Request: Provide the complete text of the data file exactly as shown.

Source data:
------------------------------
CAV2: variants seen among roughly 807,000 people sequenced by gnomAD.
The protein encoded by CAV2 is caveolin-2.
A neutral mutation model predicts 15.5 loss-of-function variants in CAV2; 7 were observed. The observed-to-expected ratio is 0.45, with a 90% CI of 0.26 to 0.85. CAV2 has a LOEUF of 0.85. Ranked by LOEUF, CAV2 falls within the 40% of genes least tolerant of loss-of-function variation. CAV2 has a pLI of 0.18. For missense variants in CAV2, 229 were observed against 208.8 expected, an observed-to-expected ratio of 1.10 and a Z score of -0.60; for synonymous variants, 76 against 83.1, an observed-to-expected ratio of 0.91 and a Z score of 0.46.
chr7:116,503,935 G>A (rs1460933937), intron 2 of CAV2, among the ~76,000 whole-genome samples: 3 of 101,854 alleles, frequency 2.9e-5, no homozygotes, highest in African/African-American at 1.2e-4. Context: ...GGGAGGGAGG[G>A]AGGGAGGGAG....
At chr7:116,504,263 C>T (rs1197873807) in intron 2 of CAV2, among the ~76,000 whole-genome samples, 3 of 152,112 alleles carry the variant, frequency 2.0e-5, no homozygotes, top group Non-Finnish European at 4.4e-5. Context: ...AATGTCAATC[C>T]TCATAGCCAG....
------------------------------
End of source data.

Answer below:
CAV2: variants seen among roughly 807,000 people sequenced by gnomAD.
The protein encoded by CAV2 is caveolin-2.
A neutral mutation model predicts 15.5 loss-of-function variants in CAV2; 7 were observed. The observed-to-expected ratio is 0.45, with a 90% CI of 0.26 to 0.85. CAV2 has a LOEUF of 0.85. Ranked by LOEUF, CAV2 falls within the 40% of genes least tolerant of loss-of-function variation. CAV2 has a pLI of 0.18. For missense variants in CAV2, 229 were observed against 208.8 expected, an observed-to-expected ratio of 1.10 and a Z score of -0.60; for synonymous variants, 76 against 83.1, an observed-to-expected ratio of 0.91 and a Z score of 0.46.
chr7:116,503,935 G>A (rs1460933937), intron 2 of CAV2, among the ~76,000 whole-genome samples: 3 of 101,854 alleles, frequency 2.9e-5, no homozygotes, highest in African/African-American at 1.2e-4. Context: ...GGGAGGGAGG[G>A]AGGGAGGGAG....
At chr7:116,504,263 C>T (rs1197873807) in intron 2 of CAV2, among the ~76,000 whole-genome samples, 3 of 152,112 alleles carry the variant, frequency 2.0e-5, no homozygotes, top group Non-Finnish European at 4.4e-5. Context: ...AATGTCAATC[C>T]TCATAGCCAG....